- Only the Sound Remains, for viola & chamber orchestra
- The Rime of the Ancient Mariner, for baritone & chamber ensemble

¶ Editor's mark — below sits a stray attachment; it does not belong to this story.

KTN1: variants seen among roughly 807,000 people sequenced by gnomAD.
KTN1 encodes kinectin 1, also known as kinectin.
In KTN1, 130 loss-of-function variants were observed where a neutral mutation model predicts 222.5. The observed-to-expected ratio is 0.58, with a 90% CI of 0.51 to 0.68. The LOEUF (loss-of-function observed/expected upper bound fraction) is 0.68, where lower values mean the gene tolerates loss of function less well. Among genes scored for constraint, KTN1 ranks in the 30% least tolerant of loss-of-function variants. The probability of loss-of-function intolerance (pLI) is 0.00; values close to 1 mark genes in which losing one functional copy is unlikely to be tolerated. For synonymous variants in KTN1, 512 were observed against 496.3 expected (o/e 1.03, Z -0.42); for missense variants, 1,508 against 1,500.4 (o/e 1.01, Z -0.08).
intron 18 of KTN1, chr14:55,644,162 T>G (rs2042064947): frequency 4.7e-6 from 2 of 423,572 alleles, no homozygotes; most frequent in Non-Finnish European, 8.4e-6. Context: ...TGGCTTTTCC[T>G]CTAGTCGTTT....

The style of the British composer Howard Skempton was once described as "the emancipation of the consonance," with highly compact, economical works that brought to mind the serialist past, but used consonant intervals (although not placing them in tonal relationships), often in a unique, nine-note scale. In the two works recorded here, the description still rings true, although both are more than half-an-hour long. Without question the main attraction, and an absolute delight, is "The Rime of the Ancient Mariner," a poem unsuited to musical treatment if there ever was one. Skempton uses a slightly cut version of the text, but all the famous lines are there (and you might sample "water, water, everywhere, and not a drop to drink"). His setting is for baritone, piano quintet, horn, and double bass, but that makes it sound more lush than it is; each instrument has a very sparse part. Despite this sparsity, and despite the unchanging rhythm of Coleridge's quatrains, the narrative drama of the poem is realized in full. Much of the credit goes to baritone Roderick Williams, who is fully aware of the restricted palette he is painting with. "Only the Sound Remains," an instrumental work for viola and ensemble, is not quite such a tour de force, but the hypnotic counterpoint in its final stages is beautiful indeed. Highly recommended, and entirely deserving of the perhaps unexpected commercial success the album has found.